Dexmedetomidine might become a new standard of care, researcher says
MONDAY, Feb. 2 (HealthDay News) -- The sedative dexmedetomidine (Precedex) reduces the time patients stay on ventilators and results in less delirium than other more commonly used drugs for patients in intensive care units, a new study finds.
For patients in ICUs, delirium is a common side effect of being sedated for an extended period; it can affect as many as 85 percent of ICU patients. Some of these patients can have lingering mental problems when they leave the hospital, problems that may last for as long as six months, experts say.
"While dexmedetomidine provided a similar amount of time at the target level of sedation as midazolam [Versed], there were significant outcome improvements in other aspects of care," said lead researcher Dr. Richard R. Riker, director of critical care research at Maine Medical Center, in Portland.
"They came off the ventilator nearly two days faster, they had a much lower incidence of delirium, and they had a lower incidence of infection," he added.
The report was expected to be published in the Feb. 4 issue of the Journal of the American Medical Association. It is being released early to coincide with a presentation of the finding at the Society of Critical Care Medicine annual meeting, in Nashville, Tenn.
For the study, Riker's team randomly assigned 375 patients being treated in the ICU to dexmedetomidine or the more commonly used sedative midazolam. The trial ran from March 2005 to August 2007, and included patients from 68 medical centers in five countries.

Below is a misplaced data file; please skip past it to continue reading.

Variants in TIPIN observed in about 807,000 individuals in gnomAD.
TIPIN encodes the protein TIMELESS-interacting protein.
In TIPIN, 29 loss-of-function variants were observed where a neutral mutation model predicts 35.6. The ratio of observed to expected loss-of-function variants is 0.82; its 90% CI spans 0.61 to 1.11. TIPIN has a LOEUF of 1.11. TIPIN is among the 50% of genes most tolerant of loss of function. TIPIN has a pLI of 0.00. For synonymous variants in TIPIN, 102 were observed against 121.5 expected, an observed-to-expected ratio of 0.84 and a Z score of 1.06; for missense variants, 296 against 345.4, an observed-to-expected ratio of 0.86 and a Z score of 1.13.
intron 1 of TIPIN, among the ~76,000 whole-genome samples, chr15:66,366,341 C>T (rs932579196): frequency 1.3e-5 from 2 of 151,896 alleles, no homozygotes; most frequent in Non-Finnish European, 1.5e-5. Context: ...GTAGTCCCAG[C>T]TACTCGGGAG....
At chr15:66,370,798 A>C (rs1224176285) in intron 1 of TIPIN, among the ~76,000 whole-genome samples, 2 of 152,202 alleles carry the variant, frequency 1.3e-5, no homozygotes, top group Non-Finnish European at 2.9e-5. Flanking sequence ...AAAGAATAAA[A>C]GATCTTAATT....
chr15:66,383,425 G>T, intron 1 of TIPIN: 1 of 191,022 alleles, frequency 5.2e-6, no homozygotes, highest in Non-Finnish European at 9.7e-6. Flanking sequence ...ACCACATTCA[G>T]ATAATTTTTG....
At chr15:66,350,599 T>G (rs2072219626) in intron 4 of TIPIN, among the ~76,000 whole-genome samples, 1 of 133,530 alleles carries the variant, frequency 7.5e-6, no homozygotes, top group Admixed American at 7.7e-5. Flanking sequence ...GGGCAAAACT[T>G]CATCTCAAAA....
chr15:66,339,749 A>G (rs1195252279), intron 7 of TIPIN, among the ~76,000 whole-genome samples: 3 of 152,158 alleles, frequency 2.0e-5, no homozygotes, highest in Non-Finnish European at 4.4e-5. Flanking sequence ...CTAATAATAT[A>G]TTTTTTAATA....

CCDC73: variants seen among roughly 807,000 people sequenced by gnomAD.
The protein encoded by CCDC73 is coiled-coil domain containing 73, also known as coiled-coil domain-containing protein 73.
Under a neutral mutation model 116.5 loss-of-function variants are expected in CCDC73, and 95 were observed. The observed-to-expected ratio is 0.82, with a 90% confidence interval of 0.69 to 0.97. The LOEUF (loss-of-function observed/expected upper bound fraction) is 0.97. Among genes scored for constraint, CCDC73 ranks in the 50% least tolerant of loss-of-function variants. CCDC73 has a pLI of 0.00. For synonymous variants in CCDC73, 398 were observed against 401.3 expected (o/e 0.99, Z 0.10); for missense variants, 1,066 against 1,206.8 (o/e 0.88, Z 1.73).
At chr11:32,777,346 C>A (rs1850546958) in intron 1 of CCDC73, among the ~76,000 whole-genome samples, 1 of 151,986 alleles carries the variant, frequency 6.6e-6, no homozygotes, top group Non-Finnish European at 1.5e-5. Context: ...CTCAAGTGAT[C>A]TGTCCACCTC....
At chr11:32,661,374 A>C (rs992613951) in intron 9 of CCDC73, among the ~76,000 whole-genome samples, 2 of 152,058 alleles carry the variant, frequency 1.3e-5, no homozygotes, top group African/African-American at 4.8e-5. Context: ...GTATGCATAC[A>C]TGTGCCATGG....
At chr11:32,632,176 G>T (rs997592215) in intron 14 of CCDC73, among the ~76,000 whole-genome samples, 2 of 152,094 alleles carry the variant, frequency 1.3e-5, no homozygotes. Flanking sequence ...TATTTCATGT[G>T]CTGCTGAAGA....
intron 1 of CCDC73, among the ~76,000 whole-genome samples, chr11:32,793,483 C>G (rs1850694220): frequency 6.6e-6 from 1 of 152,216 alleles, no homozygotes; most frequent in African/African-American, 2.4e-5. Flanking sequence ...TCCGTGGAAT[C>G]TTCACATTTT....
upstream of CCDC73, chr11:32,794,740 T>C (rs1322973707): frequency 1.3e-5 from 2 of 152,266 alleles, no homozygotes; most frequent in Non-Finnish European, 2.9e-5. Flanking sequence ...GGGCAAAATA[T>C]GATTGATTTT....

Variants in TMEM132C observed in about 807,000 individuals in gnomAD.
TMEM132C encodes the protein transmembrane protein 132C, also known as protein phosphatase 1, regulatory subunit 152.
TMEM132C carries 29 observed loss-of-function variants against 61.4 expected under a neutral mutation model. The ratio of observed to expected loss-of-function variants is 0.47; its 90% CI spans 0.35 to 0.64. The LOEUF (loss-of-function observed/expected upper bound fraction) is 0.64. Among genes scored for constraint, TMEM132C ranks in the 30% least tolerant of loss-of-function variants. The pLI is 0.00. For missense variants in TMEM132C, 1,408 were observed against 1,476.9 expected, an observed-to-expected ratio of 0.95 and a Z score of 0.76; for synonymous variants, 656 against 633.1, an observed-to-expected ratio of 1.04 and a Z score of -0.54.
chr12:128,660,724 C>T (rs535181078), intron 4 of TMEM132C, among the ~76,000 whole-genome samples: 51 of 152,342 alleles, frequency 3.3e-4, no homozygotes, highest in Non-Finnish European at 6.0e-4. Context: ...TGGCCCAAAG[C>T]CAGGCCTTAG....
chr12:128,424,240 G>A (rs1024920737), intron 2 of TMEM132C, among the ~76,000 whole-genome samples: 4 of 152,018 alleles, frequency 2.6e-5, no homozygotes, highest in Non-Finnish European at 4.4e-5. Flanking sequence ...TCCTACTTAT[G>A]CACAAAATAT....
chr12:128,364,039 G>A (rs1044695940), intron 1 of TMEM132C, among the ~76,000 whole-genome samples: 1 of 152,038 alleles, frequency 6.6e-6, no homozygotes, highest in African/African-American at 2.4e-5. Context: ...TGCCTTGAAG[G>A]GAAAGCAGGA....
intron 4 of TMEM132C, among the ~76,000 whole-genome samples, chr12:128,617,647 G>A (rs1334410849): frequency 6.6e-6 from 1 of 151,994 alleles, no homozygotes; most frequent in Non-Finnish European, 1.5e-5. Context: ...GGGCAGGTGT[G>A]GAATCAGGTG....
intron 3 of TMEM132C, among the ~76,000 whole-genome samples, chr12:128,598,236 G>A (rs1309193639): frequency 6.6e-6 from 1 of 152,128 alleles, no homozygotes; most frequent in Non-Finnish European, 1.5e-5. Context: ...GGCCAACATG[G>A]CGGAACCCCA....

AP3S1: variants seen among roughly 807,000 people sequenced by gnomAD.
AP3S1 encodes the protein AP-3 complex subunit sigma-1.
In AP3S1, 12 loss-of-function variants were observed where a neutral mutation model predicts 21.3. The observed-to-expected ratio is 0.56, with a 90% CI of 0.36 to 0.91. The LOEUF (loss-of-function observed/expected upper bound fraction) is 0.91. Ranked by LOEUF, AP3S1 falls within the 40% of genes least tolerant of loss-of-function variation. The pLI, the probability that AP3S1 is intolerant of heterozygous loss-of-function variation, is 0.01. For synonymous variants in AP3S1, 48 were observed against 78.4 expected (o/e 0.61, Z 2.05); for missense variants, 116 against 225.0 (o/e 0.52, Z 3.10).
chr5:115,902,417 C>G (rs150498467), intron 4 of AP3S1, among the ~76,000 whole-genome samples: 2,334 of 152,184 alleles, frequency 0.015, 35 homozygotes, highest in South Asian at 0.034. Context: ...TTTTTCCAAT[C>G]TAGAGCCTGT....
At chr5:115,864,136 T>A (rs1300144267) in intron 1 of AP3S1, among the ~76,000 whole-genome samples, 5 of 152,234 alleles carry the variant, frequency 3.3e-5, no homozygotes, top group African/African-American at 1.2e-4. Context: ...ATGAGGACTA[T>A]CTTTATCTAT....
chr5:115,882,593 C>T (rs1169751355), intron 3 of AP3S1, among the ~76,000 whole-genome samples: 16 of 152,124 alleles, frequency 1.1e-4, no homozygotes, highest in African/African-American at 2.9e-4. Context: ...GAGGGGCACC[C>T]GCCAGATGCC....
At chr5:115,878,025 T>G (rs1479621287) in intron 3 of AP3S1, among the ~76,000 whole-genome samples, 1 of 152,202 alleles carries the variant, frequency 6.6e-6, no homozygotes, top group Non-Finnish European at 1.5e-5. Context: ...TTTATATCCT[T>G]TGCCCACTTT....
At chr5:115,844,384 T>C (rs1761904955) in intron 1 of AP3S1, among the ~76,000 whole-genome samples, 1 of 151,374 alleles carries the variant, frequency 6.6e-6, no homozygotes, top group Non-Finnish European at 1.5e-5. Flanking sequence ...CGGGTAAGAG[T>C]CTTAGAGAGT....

Among patients receiving dexmedetomidine, 54 percent experienced delirium, compared with 76.6 percent of those receiving midazolam. In addition, patients receiving dexmedetomidine had more delirium-free days than patients receiving midazolam (2.5 days vs. 1.7 days), the researchers found.
Moreover, patients receiving dexmedetomidine spent less time on ventilators than patients receiving midazolam. Patients receiving midazolam remained on ventilators almost two days longer than those receiving dexmedetomidine (5.6 days vs. 3.7 days), Riker's group reports.
Patients receiving dexmedetomidine were more likely to experience a slow heartbeat, but were less likely to experience a rapid heartbeat or high blood pressure than those receiving midazolam, the researchers noted.
The reasons for these results are varied and not well-understood, Riker said. The drugs target different parts of the brain, which may account for some of the differences, he added.
Riker thinks this study provides evidence that will get more physicians to use dexmedetomidine. "As we get more studies, I think it may potentially become a new standard of care," he noted.
However, Dr. John P. Kress, an assistant professor of medicine at the University of Chicago and co-author of an accompanying journal editorial, thinks dexmedetomidine may be appropriate for some patients, but it won't replace other drugs.
"Dexmedetomidine is one of many drugs that are out there as options," Kress said. "Do I think it should be used for everybody? No. Do I think it has the potential for more than a rare occasional patient? I think this study shows that that's the case. Will it replace the other drugs? I don't think it will."
Kress would also like to see a study of dexmedetomidine that could determine whether the drug improves long-term outcomes.
For more information on critical care, visit the U.S. National Library of Medicine.
SOURCES: Richard R. Riker, M.D., clinical assistant professor, medicine, University of Vermont College of Medicine, and director, critical care research, Maine Medical Center, Portland; John P. Kress, M.D., assistant professor, medicine, University of Chicago; Feb. 4, 2009, Journal of the American Medical Association
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